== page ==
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In an earlier post about how awesome Markdown is, I mentioned I have over a megabyte of text stored in plain text files that I’ve built up over the years.
I developed my own system where I’d have a text file on my desktop with a file name of let’s say
2016-12 for December 2016. Then I would jot down everything worth saving in that file.
This is a combination of random thoughts, business ideas, links, code snippets, video game builds, long e-mails and before I started using GPG key based password managers I even stored passwords.
I would simply dump everything in that file without any notion of categorization. Everything was mixed together for that period of time.
At the end of the month I would move that file into a
notes/ directory. It worked pretty well. As you can see below, I didn’t always stick to it exactly but in the end, I generally followed my plan:
|1.2MB||Total file size|
You'd be surprised at how effective plain text notes can be for productivity and even for long term retrieval capabilities.
It’s productive because there’s no complex application to get situated with. You open up a text editor, jot down your note and save it. That’s it. There’s no thought process required for figuring out tags or context.
I like to think that writing down your idea and organizing it are 2 separate things. The important thing is that you get your idea written down. Organizing can always be done later if you want.
I feel the same way about code. It’s way more important to get your code working than it is to make it pretty.
You can’t underestimate how important that is because if you need to mentally prepare for setting up a bunch of boilerplate just to write something down then you’re going to talk yourself out of doing it because it sucks. Who likes writing boilerplate? Not me.
If you’re on a unix-like system, grep is also remarkably good for searching through your vast sea of unorganized notes. grep can churn through that 1.2MB of text nearly instantly.
If you can just remember a phrase of what you’re trying to find, it’s very effective. Especially if you combine it with the surrounding lines flags which lets you see lines below and above the match.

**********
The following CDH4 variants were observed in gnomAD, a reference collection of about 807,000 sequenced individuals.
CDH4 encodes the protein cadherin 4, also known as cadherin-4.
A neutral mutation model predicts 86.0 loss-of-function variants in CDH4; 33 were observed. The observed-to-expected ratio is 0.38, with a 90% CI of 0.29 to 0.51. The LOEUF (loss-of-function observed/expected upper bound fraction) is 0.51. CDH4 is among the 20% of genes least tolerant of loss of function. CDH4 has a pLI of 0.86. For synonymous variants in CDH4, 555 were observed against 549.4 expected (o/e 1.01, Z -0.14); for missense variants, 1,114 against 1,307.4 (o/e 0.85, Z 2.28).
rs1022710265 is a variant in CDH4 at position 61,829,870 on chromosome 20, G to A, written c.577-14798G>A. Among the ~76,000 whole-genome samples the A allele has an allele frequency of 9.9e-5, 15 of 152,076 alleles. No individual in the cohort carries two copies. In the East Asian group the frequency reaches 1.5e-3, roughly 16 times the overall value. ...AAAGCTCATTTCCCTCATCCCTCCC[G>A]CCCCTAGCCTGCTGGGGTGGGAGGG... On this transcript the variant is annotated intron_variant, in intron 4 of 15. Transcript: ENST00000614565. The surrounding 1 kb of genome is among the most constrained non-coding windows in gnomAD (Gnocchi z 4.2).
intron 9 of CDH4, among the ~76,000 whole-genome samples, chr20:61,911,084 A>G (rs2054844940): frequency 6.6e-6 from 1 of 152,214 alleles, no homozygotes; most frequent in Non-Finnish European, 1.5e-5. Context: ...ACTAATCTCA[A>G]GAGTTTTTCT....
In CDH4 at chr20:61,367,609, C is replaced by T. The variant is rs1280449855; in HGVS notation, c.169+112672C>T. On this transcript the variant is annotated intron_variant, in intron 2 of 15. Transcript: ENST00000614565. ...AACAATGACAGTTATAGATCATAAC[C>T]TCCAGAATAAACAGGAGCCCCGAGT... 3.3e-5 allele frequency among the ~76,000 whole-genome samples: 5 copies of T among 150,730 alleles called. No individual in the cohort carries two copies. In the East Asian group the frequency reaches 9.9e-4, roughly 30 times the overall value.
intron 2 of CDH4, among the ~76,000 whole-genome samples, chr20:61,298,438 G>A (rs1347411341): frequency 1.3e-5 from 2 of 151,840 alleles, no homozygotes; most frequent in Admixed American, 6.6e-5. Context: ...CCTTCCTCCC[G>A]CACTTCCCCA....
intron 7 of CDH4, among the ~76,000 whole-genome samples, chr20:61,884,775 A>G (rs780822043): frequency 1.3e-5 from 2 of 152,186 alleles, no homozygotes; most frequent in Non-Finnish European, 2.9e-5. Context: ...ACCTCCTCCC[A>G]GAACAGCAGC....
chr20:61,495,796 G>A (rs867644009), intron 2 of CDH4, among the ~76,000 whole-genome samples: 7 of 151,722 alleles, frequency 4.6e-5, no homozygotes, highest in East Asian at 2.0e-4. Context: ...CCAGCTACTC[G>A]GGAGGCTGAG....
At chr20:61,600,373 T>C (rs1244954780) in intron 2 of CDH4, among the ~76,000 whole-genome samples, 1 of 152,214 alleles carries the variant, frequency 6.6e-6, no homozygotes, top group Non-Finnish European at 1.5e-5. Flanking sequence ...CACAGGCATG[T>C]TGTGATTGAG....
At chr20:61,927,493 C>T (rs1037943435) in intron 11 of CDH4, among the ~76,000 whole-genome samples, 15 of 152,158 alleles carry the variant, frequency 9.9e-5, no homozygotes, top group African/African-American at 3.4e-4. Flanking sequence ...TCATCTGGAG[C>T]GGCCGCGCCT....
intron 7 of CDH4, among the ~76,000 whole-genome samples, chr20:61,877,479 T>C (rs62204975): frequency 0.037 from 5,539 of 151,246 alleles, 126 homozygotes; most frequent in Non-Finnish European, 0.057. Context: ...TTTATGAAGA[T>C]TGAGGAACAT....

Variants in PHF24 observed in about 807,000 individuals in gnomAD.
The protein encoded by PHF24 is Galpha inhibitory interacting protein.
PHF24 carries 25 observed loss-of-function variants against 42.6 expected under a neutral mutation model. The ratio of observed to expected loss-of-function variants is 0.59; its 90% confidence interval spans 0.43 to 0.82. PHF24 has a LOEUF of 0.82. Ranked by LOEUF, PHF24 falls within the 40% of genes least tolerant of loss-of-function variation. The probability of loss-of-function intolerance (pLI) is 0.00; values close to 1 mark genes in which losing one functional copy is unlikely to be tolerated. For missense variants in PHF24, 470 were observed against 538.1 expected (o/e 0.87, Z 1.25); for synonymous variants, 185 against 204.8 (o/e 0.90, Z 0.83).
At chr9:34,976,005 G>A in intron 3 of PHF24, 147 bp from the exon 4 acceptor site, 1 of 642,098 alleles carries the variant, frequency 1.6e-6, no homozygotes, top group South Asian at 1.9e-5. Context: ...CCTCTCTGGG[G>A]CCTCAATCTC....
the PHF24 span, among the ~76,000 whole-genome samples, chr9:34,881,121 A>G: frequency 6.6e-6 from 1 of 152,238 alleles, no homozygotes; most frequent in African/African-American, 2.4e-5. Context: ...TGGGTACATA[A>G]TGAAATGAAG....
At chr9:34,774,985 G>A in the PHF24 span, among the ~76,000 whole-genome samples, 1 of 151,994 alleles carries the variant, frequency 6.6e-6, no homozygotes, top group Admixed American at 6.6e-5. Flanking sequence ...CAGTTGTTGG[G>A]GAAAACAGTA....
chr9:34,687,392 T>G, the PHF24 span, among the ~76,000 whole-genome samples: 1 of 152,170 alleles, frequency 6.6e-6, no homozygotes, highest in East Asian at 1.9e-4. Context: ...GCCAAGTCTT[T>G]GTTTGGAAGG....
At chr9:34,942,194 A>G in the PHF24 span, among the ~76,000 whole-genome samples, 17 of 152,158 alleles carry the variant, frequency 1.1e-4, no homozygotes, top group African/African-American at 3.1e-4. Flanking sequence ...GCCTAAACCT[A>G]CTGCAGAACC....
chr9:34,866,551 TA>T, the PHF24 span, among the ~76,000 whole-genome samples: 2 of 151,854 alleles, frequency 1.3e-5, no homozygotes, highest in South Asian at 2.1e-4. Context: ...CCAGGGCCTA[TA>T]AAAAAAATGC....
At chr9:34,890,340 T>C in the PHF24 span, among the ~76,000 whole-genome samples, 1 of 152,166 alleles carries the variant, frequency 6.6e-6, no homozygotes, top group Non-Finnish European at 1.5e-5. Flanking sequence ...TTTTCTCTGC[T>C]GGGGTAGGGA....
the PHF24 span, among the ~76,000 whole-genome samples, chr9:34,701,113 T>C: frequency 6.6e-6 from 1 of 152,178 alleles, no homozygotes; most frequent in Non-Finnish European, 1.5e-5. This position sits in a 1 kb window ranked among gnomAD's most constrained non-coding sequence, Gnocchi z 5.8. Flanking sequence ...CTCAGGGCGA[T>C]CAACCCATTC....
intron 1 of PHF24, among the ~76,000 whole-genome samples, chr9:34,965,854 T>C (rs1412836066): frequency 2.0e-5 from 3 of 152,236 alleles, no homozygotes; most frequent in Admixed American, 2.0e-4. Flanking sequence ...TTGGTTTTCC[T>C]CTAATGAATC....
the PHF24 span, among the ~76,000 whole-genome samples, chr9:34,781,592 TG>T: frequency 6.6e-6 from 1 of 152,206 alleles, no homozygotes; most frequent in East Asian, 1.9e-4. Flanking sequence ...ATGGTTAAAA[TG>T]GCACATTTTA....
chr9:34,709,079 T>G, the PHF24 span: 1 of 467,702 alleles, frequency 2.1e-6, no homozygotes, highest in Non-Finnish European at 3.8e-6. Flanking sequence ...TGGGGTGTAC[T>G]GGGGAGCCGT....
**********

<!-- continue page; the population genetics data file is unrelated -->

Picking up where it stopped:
You could even grep out things with patterns, for instance
grep "http" * | wc -l returns 1,176 links that I wrote down. I’m sure I’m missing a few because chances are I wrote down some links without the protocol, but this post isn’t about how to parse links out of unformatted text.
I really think it is. I’ve tried so many different apps and in every case I always found myself battling the application instead of concentrating on what really matters which is writing something down with intent to use it again at some point in time.
As an aside I had the same problem when it came to designing mind maps. Nothing beats just writing one out on a white board, paper, or an empty image file with a stylus.
There’s something really nice about opening a simple document and free form writing whatever you want with no restrictions. The dated file names also help to give you some sense of time context.
But it also works against you because when you open up 3 months of text files from 15 years ago and it’s 95% video game notes you begin to think “what the hell was I doing with my life then?” .
Well, we’ve already gone over grep a bit, and while it’s really good at finding text, it’s not really good at helping you find anything else, or group things up in a way that makes sense.
Also, in my case,
notes/ often became a text graveyard, meaning I rarely searched for old notes but the main issue is I really want to be able to reference data by topic without having to resort to writing tags out manually in plain text.
I think we’re many years away from having algorithms that are smart enough to auto-tag and organize your free form thoughts in a way that equals what you would do manually.
Another problem is, text might not be the only thing you care about. When I write notes for future course content, it’s a mixture of text, videos and images.
Text alone also lacks nice-to-have features. For example having a Youtube link with just a random ID in the URL does nothing for me, but being able to see the thumbnail of the video is tremendously helpful.
I tried so many tools and nothing really compares to the usefulness and simplicity that Google Keep provides. In my opinion Google really hit a home run with this application and it’s free to boot.
I spent an entire day moving over some of my more important plain text notes into Google Keep and ended up with hundreds of Google Keep notes. The key phrase there was “more important” because like code, you only tend to refactor and spend additional time with the code you care about.